NSE to employ intelligent virtual assistant for answering questions from members
SIlicon Valley-based intelligent virtual assistant (IVA) provider interface.ai, which works with financial institutions globally, announced a partnership with the National Stock Exchange (NSE) in India. The company will provide a new AI-powered IVA to the NSE’s trading and clearing members, investors and corporate partners. In the past, interface.ai has built IVAs for financial institutions like California’s University Credit Union and insurance service company Security Service Credit Union.
“The IVA will enhance the efficiency of operations at NSE while offering tech-driven, tailormade experiences to NSE’s members and partners,” said Srinivas Njay, Founder and CEO of interface.ai. “IVAs are a vital aspect of the next step of our digital transformation as we can offer more personalized experiences leveraging Artificial Intelligence,” said Shiv Kumar Bhasin, chief technology officer (CTO) at NSE. He also noted that virtual assistants are “new ground” for exchanges around the world.
According to interface.ai, the partnership is a first-of-its initiative and in its first phase the IVA will address high volume queries received by the NSE’s clearing, trade and ISC/regulatory help desks. The company claimed that the queries account for over 50% of support tickets that the NSE receives. They include questions around reporting delays from clearing members, status of applications and requests from trading members and regulatory queries from listing organizations.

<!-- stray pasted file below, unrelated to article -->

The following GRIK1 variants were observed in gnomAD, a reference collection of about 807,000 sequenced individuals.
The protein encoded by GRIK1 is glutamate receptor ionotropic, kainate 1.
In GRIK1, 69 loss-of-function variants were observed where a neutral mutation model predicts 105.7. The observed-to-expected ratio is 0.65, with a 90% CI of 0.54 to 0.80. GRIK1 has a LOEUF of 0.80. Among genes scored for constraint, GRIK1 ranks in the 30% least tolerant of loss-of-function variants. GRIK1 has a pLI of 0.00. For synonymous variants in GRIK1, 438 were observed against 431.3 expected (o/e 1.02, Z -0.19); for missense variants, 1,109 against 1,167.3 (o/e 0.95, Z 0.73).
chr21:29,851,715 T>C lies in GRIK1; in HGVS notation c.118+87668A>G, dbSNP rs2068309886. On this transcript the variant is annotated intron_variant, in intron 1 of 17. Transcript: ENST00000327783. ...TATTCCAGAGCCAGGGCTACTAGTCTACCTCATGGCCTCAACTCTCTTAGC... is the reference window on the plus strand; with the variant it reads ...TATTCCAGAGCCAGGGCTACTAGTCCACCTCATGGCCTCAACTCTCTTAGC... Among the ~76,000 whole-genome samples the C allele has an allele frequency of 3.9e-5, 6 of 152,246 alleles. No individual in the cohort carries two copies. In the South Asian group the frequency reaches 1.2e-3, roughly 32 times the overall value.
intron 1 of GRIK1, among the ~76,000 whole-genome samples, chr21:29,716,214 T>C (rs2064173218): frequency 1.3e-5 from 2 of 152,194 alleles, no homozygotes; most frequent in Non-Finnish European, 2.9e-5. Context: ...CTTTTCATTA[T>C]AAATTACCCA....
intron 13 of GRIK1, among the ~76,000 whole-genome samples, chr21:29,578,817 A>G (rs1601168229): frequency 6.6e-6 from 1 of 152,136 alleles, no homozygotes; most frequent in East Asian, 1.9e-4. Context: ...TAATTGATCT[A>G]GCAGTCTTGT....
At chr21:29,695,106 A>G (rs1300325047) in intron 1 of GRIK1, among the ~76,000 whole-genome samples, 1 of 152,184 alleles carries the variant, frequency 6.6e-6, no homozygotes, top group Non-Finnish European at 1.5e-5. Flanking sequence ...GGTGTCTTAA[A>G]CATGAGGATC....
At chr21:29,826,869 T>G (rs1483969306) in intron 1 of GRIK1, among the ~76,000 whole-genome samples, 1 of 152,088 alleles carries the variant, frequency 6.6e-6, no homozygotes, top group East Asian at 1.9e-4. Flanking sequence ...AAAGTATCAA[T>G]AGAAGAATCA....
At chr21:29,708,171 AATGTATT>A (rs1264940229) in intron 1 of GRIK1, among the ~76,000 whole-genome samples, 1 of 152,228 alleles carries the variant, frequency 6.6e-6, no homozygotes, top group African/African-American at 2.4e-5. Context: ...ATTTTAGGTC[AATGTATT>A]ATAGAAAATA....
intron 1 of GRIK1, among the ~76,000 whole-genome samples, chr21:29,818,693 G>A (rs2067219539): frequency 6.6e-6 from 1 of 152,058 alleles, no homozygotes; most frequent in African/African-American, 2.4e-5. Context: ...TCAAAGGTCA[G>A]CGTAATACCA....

In the second phase, the IVA’s capabilities will be enhanced to assist with all aspects of trading and support for everyone who interacts with the NSE. The rollout is presumably spread across two phases to allow the AI-assistant to gather more data on the NSE’s operations and prepare itself for a more varied set of questions.
At the moment, the NSE has customer care numbers and email addresses for support queries. The exchange is amongst the largest exchanges in the world in terms of trading volumes and became the largest derivatives exchange last year, according to data from the Futures Industry Association.